The Most Destructive Volcano Eruptions Ever

Written by Emmanuel Kingsley
Published: May 12, 2022
Image Credit Wead/Shutterstock.com
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Volcanoes aren’t as dangerous as they seem compared to other natural disasters. In fact, they are rather fascinating. Just think about a giant champagne bottle about to be popped. They can indeed cause massive damage but these bombs have a gigantic clock attached. Unlike landslides which can hardly be predicted, science has evolved systems and instruments to monitor and predict eruptions. 

However, science has not yet developed to prevent volcanoes from erupting or becoming active. There are over 1500 active volcanoes worldwide, and only about 500 of them have erupted. Some have even exploded several times in modern history. 

In this article, we discuss the most destructive volcano eruptions ever. We have also provided the Volcanic Explosivity Index number for each of them. This is the standard used to measure the intensity of volcanoes, just like the Richter scale is used for earthquakes. The number goes from 1-8, 8 being the highest. 

Now, let’s talk about these natural bombs. 

The Most Destructive Volcano Eruptions Ever: Krakatoa Volcano (VEI 6) 

Mount Krakatoa
Krakatoa Volcano most disastrous explosion happened between the 26th and 27th of August 1883.

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The Krakatoa Volcano (also called Krakatau)is the second deadliest volcano known in modern history. It was located on an island in the Sunda Strait in Indonesia. Although it had erupted several times, its most disastrous explosion happened between the 26th and 27th of August 1883.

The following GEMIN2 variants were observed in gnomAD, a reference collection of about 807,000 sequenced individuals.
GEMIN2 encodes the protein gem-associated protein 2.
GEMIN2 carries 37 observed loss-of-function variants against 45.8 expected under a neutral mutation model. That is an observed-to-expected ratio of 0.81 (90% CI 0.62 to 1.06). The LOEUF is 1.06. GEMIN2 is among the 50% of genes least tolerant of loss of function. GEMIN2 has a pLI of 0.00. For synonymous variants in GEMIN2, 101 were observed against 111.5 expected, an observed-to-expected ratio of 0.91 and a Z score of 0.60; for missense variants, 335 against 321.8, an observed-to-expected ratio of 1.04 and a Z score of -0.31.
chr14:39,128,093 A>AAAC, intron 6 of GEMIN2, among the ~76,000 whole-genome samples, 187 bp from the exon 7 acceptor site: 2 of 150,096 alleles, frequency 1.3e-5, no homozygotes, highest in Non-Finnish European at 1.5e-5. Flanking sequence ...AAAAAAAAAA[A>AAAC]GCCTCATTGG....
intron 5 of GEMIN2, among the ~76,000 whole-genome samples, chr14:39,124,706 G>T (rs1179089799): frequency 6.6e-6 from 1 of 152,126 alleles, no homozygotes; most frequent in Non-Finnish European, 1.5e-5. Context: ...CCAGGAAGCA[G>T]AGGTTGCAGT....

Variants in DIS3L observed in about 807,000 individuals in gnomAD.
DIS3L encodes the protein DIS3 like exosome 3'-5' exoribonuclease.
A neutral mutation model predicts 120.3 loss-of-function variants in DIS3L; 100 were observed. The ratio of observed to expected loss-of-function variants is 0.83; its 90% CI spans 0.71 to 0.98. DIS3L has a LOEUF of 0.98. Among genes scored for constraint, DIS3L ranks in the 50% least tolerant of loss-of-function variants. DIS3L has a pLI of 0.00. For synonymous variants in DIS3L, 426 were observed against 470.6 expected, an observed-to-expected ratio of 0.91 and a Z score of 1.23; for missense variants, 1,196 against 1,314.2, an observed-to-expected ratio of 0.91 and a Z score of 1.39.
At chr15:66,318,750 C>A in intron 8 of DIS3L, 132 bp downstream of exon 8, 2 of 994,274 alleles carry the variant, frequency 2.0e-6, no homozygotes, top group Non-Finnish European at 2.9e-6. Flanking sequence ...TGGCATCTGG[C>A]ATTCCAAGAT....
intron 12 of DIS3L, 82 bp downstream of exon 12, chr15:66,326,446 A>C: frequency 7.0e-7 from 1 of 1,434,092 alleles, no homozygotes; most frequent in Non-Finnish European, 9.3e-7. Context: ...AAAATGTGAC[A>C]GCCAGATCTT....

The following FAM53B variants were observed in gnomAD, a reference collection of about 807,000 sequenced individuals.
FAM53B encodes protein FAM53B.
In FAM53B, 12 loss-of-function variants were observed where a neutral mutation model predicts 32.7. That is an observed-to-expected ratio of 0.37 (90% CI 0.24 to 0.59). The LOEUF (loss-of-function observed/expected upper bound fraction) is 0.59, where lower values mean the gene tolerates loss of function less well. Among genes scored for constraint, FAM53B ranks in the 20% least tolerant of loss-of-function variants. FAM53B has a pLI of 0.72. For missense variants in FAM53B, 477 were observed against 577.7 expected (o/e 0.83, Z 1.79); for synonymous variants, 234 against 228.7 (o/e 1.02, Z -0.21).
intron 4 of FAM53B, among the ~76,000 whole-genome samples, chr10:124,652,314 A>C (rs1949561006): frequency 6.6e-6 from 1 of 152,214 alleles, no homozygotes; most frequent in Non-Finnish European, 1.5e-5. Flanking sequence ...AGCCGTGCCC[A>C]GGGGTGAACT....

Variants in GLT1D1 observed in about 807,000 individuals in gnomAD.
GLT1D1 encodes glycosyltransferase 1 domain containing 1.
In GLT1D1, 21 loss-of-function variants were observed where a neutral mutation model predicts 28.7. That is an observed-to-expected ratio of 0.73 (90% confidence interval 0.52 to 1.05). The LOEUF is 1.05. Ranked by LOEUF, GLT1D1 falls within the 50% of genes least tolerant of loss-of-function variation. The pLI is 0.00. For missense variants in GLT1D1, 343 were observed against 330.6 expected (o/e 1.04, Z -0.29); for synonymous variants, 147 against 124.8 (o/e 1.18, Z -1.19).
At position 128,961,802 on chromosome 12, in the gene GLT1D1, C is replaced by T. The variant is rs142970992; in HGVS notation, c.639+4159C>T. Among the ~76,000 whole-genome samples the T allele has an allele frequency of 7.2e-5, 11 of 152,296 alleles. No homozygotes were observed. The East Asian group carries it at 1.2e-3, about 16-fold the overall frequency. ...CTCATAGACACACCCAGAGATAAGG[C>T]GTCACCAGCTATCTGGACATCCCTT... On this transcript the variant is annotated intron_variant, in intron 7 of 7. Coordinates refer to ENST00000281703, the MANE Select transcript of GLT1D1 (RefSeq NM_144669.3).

The explosion spewed out over 25 cubic kilometers (6 cubic miles) of ash, rocks, and pumice. It destroyed two-thirds of the village, including 165 nearby towns. The official death toll for this explosion was 36,417. Several thousand people were injured, and several others died following tsunamis. The volcano created airwaves that traveled around the globe seven times.

Another volcano, known as the Anak Krakatau, followed the eruption of the 1883 volcano. There have been other recent eruptions since 1927, even till February 2022.

The Most Destructive Volcano Eruptions Ever: Mt. Pelee (VEI 4) 

Mount Pelée
Mount Pelée erupted on the 8th of May 1902, killing over 28000 people.

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Mt. Pelée was not thought to be active until an explosion happened to kill all but two people in the city of St. Pierre Caribbean. Before the massive explosion of 1902, there had been others in 1792 and 1851. However, the volcano erupted on the 8th of May 1902, killing over 28000 people. The crater of lava exploded and drove hot gas and rocks through 22 square miles (58 square kilometers) across the capital. 

The volcano buried the entire city, leaving debt running into several millions of dollars. About 15 percent of the Island population was estimated to have died in this stratovolcano.

The Most Destructive Volcano Eruptions Ever: Mt. Unzen (VEI 2) 

Volcano Erupting
Mount Unzen comprises a group of volcanoes, one of which is Mount Fugen, reaching 4,459 feet.

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This volcano is Japan’s worst eruption to date. It killed over 15,000 people and destroyed infrastructure to the tune of fifty million dollars. Mount Unzen comprises a group of volcanoes, one of which is Mount Fugen, reaching 4,459 feet. It is the highest of the volcanoes.